One of the perks of reviewing things for a living is having the privilege to hear new music well in advance of a scheduled release date. There’s a certain thrill that comes with seeing an album that you’ve already pre-ordered, that you’ve been anxiously anticipating and waiting to devour, suddenly drop right into your inbox.

However, along with that privilege comes the tacit assumption that as a reviewer, you won’t be a complete dick and leak an unreleased record into the grubby, pirate-ready hands of the internet.

Unfortunately for former Dillinger Escape Plan frontman Greg Puciato, the release of his long-awaited solo project, Child Solider: Creator of God, has become an exception to that unspoken rule, with a full copy of the album making its way into the dark corners of the web three weeks ahead of schedule.

Attempting to take power back from an unquestionably awful situation, Puciato decided to release CS: COG in full on Bandcamp with other streaming platforms to follow shortly after, saying in a statement through his label, Federal Prisoner: “What we [are] doing is using it as an example of how to be adaptable and flexible and roll with the punches. … Shit happens, and you gotta move quick to adapt. I don’t mind a little chaos.”

Listening to CS: COG with that statement in mind, it’s clear that the frontman and multi-instrumentalist is more than adept at harnessing the creative wellspring that comes from a little inner turmoil. If a prospective listener required one expectation to be set before diving headfirst into the album, it would be this: embrace uncertainty, and enjoy the ride. With 15 tracks and over an hour of music on display, CS: COG is an album that boldly encapsulates the sonic breadth and versatility of Puciato’s career as an artist.

Opener “Heaven of Stone” acts as a soft palette cleanser with light, acoustic strumming accompanied by Puciato’s delicate croon. This sense of tranquillity is then abruptly halted by the arrival of the eponymic “Creator of God,” where ambient, industrial textures are slowly churned to dust by waves of nauseating feedback. And, as the record continues, the sonic twists and turns just keep on coming.

At times, things get fiery and familiar (“Fire For Water,” “Deep Set,” “Roach Hiss”), with caustic punk rhythms, snarling vocals, and heavy doses of noise rock brought to life by Puciato’s captivating swagger. Think Dillinger covering Unsane or Nirvana, and you’re on the right track. Elsewhere, Puciato also draws heavily from his work in The Black Queen (“A Pair of Questions,” “Fireflies,” “Temporary Object”), weaving gorgeous synth layers, ’80s guitar solos, and sublime melodies into shimmering, post-punk pop.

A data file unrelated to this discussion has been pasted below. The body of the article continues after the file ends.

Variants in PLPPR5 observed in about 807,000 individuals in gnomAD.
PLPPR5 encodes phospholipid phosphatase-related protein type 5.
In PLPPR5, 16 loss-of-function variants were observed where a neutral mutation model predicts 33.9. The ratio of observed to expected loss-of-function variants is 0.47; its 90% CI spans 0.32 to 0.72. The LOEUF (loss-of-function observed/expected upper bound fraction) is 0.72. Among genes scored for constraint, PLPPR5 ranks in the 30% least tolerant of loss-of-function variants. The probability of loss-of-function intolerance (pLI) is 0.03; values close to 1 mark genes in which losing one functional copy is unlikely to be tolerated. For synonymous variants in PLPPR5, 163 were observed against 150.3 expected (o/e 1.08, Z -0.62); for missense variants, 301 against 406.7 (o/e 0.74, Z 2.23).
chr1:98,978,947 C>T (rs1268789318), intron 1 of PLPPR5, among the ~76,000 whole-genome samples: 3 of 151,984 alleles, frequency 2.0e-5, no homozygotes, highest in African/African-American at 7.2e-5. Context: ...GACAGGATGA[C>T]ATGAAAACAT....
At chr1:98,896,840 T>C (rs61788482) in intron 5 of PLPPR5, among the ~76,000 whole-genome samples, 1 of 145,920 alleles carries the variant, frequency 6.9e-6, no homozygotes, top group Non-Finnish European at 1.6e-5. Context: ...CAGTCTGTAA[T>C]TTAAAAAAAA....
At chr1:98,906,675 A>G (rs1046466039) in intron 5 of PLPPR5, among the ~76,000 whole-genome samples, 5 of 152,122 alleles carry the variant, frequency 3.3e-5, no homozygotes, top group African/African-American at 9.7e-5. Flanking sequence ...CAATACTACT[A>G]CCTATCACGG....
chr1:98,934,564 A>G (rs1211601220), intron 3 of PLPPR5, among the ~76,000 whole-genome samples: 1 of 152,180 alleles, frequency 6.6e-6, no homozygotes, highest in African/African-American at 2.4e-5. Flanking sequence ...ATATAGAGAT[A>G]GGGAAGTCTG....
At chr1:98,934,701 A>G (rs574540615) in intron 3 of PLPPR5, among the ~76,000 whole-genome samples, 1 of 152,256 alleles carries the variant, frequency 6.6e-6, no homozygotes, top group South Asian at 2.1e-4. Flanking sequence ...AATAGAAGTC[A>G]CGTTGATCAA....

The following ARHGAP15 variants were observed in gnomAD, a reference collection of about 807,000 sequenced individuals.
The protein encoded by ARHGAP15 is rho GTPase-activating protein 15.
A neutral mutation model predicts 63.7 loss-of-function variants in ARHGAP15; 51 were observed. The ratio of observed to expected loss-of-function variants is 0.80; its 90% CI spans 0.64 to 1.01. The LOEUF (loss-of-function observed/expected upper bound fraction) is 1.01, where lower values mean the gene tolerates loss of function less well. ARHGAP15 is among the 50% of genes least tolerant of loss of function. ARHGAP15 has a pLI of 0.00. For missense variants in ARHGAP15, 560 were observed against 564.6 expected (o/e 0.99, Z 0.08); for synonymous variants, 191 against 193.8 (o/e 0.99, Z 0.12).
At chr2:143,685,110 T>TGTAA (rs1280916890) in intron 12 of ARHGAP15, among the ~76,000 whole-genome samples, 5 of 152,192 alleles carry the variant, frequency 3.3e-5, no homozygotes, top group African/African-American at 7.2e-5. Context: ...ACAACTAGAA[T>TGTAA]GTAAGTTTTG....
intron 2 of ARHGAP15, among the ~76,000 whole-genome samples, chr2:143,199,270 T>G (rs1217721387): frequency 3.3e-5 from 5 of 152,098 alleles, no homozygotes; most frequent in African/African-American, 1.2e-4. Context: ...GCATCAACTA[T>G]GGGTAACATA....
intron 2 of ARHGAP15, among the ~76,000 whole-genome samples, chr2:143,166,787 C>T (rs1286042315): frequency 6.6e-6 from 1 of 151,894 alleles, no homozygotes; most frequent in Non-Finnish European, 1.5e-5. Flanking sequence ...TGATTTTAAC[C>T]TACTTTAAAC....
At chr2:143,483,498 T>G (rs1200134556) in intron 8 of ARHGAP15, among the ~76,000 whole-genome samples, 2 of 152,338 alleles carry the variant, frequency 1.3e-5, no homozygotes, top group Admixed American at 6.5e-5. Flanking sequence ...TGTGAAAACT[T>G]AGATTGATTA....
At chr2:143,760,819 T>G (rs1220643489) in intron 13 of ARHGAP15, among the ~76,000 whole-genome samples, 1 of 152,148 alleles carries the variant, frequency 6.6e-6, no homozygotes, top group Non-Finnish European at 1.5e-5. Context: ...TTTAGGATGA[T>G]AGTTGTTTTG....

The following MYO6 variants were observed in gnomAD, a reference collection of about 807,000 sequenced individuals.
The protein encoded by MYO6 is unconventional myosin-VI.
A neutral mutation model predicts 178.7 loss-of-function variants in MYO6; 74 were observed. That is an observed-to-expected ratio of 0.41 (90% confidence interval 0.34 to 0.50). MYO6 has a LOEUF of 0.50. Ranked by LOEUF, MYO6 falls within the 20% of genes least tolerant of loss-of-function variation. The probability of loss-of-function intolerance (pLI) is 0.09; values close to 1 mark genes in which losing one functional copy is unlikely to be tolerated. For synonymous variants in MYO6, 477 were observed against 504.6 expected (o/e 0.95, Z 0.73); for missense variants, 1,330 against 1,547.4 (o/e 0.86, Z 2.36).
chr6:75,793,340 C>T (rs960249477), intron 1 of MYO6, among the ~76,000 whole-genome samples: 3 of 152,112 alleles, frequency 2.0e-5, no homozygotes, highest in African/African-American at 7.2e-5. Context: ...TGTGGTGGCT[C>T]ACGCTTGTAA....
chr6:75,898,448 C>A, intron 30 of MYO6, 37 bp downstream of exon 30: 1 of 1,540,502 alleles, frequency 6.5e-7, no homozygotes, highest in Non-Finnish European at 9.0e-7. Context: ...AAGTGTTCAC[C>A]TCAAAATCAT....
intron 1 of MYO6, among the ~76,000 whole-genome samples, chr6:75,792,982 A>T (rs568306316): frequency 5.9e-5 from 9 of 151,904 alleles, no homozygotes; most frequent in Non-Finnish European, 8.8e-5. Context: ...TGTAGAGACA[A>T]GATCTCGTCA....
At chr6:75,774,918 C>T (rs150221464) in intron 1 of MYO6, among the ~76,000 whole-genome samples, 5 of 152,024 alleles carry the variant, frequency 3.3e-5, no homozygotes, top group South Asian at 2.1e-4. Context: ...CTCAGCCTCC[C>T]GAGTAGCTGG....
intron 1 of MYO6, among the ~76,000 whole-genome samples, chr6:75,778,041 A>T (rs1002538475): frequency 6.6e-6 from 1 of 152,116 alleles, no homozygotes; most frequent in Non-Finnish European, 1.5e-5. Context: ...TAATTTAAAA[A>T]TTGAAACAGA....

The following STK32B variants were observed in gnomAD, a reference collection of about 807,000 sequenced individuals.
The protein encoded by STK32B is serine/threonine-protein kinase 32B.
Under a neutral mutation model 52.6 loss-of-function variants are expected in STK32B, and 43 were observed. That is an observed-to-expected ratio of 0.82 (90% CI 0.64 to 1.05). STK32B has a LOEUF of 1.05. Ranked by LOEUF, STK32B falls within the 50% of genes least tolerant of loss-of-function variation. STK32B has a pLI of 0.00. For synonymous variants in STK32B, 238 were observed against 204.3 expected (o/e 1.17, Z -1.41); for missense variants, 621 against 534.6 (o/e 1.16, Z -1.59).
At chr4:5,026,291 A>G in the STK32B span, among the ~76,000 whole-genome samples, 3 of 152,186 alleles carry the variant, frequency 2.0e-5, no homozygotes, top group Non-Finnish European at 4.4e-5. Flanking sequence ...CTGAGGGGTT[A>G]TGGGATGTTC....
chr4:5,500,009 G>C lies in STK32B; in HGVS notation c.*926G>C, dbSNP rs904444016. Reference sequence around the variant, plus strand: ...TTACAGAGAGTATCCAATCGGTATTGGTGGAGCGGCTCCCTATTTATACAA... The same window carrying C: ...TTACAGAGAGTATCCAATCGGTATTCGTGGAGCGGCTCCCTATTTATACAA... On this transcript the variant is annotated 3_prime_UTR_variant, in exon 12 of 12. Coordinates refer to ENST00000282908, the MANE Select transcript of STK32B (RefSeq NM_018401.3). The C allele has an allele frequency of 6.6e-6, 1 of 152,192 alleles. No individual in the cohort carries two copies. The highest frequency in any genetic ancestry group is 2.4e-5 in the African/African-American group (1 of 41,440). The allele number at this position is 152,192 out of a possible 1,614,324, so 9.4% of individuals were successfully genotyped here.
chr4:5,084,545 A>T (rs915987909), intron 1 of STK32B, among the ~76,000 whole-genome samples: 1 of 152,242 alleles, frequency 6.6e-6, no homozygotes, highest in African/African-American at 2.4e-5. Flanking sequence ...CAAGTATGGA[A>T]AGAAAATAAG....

The thick riffage of “Do You Need Me to Remind You?” sounds like a death march to oblivion, as Puciato turns a triumphant chorus into a six-minute, alt-metal banger. “Down When I’m Not” is an up-tempo, indie cut in the vein of Dinosaur Jr., while “Heartfree” and “You Know I Do” let Puciato swoon away on more extended, slow-burn compositions.

Closer “September City” starts as a sombre, moody ballad before building and bursting into an epic finale complemented by a powerful, massive crescendo.

On paper, CS: COG is a total grab-bag of genres and sounds that really shouldn’t work as a cohesive whole. And yet, it absolutely does—with very little dead weight. With Puciato at the vocal and instrumental helm alongside producer Nick Rowe and a slew of guest percussionists, including Chris Hornbrook (Poison The Well), Chris Pennie (ex-The Dillinger Escape Plan, Coheed and Cambria), and Ben Koller (Converge, Killer Be Killed), there’s more than enough creative vision here to keep the diversity on offer focused and purposeful.

Stream or purchase Child Soldier: Creator of God here.

Author

Owen Morawitz is a writer, thirty-something human male and an avid devourer of coffee, literature, philosophy, film noir and science fiction. He enjoys carving out a meaningless existence in the abyssal void, venturing beyond the bounds of the Southern Hemisphere, and listening to music that’s at times poignant, abrasive and restless—except when hungover.

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